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City reports year's first fatal case of HFMD

SHANGHAI health authorities yesterday reported this year's first local fatality from hand, foot and mouth disease: a two-year-old boy from Anhui Province who died in a city hospital on Thursday.

At least 50 deaths from the virus have occurred so far this year across China, and health officials are urging parents and schools to be on the alert for the disease as it appears the annual outbreak may have started earlier than usual.

The 29-month-old boy who died in Shanghai arrived in the city three months ago and started to develop symptoms, including a fever and rash, last Saturday.

He was taken to the Shanghai No. 5 People's Hospital on Monday and transferred immediately to Fudan University's Children's Hospital for higher-level treatment. The Shanghai Health Bureau said the patient died of severe complications from the disease, which can include swelling of lung, brain and heart tissues.

The boy, the son of migrant workers, was not identified.

The city has recorded 3,172 cases of hand, foot and mouth disease so far this year, including 25 patients who are now hospitalized. Most were in stable condition yesterday, except for one critical case, health officials said.

The bureau reported the city's first-ever HFMD death case last year on June 14, when a two-year-old Henan Province boy died at the Shanghai Public Health Center. The bureau did not say whether there were any other fatalities from the disease last year.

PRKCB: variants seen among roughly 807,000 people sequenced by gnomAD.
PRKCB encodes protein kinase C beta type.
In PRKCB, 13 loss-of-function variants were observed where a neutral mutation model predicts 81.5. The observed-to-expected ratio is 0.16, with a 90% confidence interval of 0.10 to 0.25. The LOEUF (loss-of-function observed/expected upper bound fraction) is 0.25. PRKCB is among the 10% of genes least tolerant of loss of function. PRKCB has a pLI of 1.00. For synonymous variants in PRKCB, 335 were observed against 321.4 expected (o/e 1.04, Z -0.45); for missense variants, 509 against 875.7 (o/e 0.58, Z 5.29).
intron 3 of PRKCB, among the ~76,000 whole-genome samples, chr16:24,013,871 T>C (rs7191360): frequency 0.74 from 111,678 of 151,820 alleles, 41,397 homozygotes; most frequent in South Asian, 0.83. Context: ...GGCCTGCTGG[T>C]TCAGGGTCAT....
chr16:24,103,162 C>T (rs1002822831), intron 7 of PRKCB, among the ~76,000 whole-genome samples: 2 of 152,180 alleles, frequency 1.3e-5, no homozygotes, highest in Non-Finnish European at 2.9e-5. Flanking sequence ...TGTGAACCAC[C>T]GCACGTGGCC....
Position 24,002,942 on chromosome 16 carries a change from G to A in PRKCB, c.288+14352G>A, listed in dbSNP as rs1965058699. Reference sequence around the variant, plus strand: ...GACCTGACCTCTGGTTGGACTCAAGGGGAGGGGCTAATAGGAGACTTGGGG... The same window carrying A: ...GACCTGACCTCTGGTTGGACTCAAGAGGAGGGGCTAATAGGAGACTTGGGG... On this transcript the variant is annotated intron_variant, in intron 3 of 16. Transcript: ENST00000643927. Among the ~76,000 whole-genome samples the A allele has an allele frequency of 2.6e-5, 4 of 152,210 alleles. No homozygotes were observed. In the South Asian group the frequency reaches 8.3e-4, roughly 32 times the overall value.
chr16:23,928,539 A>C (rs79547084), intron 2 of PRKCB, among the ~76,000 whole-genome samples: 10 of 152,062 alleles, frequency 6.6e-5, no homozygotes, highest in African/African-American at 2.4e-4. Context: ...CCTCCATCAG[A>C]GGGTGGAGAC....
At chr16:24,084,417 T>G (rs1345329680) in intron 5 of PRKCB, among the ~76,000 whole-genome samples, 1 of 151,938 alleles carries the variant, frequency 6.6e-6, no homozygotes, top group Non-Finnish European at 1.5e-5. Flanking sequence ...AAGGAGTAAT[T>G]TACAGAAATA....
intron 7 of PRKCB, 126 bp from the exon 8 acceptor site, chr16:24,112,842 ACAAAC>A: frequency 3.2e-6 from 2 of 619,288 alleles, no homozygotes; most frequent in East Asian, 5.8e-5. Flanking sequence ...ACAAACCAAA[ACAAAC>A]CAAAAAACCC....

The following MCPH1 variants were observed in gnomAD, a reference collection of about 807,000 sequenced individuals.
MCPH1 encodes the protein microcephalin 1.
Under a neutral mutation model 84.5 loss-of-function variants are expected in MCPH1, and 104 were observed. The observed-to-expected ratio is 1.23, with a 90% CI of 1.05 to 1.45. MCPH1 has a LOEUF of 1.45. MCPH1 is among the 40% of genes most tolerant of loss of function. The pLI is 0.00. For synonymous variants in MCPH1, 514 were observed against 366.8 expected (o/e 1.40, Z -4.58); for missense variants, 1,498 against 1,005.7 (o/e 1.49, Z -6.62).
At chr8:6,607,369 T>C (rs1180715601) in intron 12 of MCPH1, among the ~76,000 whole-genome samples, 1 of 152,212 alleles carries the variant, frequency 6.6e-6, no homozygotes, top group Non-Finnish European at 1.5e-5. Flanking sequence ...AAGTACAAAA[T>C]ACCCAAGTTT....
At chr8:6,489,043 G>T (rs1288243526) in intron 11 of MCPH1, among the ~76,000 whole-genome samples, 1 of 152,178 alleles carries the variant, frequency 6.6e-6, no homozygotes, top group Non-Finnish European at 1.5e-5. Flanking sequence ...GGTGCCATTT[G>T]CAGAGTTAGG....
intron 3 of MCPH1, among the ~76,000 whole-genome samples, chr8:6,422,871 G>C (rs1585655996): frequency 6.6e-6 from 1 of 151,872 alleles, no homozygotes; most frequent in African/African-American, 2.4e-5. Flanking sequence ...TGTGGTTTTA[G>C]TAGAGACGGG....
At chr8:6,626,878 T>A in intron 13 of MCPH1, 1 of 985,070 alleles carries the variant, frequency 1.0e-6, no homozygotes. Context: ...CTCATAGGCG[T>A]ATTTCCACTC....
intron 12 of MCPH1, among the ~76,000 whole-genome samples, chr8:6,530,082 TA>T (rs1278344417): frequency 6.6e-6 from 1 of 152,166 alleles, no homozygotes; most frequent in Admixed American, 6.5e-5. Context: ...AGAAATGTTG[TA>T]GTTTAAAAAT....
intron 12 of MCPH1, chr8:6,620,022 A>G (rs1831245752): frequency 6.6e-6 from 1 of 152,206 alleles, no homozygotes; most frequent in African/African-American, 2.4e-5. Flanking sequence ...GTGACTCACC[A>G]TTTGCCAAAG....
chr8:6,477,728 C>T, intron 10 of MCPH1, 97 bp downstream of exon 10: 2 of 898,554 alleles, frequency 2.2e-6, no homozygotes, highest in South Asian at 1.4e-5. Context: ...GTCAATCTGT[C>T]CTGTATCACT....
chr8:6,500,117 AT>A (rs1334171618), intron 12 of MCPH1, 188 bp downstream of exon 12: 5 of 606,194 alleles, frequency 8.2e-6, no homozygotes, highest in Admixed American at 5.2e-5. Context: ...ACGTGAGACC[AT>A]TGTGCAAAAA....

It did reveal that 10,340 cases of the HFMD occurred between January 1 and June 14 last year. By May 5, 2008, 1,988 cases had been reported.

Health officials said that although the figures indicate an increase of HFMD victims this year, the situation here is comparatively better than elsewhere in China. The apparent local increase could be due to better reporting, higher awareness and a rise in the city's migrant population.

"Hand, foot and mouth disease is preventable and controllable," said Song Guofan, a bureau official. "High awareness and good personal hygiene habits are critical for prevention and control."

Every morning, city kindergartens check students for the telltale rash that can signal the disease. The rash can be found on hands and feet, and ulcers are often present in the mouths of victims.

Spread by saliva, wound secretions and direct contact with infected persons or their belongings, the disease typically strikes infants and children up to age six, with those under three the highest risk group.

The virus usually starts to spread in the spring and peaks between May and July. While occasionally deadly, most cases are mild, with children recovering quickly.

The Ministry of Health has reported 115,618 cases of hand, foot and mouth disease since the start of the year.


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